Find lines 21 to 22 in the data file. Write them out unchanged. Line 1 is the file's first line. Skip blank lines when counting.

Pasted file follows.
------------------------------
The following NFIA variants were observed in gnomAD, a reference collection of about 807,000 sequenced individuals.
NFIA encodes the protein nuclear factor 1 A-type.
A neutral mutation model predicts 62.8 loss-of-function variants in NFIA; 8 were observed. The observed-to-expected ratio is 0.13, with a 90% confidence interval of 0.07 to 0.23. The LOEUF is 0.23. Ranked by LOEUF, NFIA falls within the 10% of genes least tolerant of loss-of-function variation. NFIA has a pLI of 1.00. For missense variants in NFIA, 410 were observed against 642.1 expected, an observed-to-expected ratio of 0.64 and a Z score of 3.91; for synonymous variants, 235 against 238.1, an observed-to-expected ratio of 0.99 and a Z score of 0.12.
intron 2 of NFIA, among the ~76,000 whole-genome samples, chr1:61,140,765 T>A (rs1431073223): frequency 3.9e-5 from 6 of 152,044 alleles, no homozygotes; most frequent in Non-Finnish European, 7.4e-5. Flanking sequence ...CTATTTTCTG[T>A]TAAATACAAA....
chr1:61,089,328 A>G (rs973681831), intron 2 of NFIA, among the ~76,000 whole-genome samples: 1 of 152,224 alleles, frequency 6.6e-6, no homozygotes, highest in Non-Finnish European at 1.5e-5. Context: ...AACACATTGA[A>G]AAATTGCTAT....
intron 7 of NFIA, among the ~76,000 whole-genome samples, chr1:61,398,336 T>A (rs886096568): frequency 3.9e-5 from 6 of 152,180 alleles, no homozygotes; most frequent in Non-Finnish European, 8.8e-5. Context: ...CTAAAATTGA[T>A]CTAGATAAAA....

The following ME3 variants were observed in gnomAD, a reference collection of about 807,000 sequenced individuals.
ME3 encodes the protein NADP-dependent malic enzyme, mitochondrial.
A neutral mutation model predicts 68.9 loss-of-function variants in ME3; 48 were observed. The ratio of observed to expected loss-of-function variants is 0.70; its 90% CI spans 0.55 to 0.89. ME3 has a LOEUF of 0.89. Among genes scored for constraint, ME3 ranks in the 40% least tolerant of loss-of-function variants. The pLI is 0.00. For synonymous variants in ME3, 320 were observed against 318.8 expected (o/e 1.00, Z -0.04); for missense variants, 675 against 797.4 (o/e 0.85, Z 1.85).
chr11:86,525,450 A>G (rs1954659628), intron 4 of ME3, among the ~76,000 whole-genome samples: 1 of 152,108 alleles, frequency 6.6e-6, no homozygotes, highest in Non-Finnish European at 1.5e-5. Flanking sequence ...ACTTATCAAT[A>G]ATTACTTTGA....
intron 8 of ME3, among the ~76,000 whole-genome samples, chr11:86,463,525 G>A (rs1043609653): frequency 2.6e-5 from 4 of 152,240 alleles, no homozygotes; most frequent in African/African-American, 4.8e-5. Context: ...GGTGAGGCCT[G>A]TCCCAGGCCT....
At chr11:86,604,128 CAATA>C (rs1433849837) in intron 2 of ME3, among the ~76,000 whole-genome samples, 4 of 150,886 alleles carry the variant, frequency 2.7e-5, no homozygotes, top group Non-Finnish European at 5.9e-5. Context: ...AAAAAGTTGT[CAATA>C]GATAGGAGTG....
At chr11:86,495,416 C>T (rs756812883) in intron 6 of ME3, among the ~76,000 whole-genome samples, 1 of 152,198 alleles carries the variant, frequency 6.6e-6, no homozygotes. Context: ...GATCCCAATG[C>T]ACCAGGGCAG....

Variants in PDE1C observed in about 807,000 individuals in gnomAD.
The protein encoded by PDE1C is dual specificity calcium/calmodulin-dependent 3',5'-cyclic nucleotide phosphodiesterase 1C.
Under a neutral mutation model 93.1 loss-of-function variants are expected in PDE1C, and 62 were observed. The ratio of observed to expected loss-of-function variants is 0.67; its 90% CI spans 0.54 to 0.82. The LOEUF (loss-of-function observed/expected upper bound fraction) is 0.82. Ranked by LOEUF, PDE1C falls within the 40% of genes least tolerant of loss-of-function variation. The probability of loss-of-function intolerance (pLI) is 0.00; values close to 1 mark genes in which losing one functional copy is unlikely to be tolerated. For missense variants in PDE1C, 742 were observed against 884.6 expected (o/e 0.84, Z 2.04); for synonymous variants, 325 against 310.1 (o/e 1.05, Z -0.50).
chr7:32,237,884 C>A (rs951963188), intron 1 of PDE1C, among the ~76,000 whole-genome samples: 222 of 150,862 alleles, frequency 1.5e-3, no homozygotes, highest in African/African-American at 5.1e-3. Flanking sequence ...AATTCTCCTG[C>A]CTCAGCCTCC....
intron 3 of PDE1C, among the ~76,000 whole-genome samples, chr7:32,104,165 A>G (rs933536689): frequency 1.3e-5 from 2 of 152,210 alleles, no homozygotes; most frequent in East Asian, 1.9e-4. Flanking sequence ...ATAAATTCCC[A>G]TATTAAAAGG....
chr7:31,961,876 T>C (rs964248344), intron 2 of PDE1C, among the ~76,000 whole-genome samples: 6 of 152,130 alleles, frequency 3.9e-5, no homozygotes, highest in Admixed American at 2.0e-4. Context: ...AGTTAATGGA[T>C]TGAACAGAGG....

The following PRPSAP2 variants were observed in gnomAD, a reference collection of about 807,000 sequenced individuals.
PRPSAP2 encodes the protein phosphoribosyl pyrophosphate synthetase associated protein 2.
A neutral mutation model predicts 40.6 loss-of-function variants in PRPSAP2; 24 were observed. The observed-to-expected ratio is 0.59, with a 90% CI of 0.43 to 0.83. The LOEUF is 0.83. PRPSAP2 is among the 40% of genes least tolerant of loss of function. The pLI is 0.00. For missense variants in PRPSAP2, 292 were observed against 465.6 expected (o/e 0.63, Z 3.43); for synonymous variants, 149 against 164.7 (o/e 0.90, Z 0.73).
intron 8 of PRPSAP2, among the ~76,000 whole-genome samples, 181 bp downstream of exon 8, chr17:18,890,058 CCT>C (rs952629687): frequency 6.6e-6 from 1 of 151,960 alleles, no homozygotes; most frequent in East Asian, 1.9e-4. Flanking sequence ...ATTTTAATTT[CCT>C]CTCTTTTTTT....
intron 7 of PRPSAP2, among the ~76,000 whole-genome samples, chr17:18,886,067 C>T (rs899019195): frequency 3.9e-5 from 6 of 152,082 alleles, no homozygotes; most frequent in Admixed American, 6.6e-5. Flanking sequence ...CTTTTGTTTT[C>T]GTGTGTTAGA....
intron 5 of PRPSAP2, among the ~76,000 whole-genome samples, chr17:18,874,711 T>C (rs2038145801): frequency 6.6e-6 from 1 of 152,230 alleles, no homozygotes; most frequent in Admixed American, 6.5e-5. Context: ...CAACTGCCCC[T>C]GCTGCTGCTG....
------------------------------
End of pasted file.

PRPSAP2 encodes the protein phosphoribosyl pyrophosphate synthetase associated protein 2.
A neutral mutation model predicts 40.6 loss-of-function variants in PRPSAP2; 24 were observed. The observed-to-expected ratio is 0.59, with a 90% CI of 0.43 to 0.83. The LOEUF is 0.83. PRPSAP2 is among the 40% of genes least tolerant of loss of function. The pLI is 0.00. For missense variants in PRPSAP2, 292 were observed against 465.6 expected (o/e 0.63, Z 3.43); for synonymous variants, 149 against 164.7 (o/e 0.90, Z 0.73).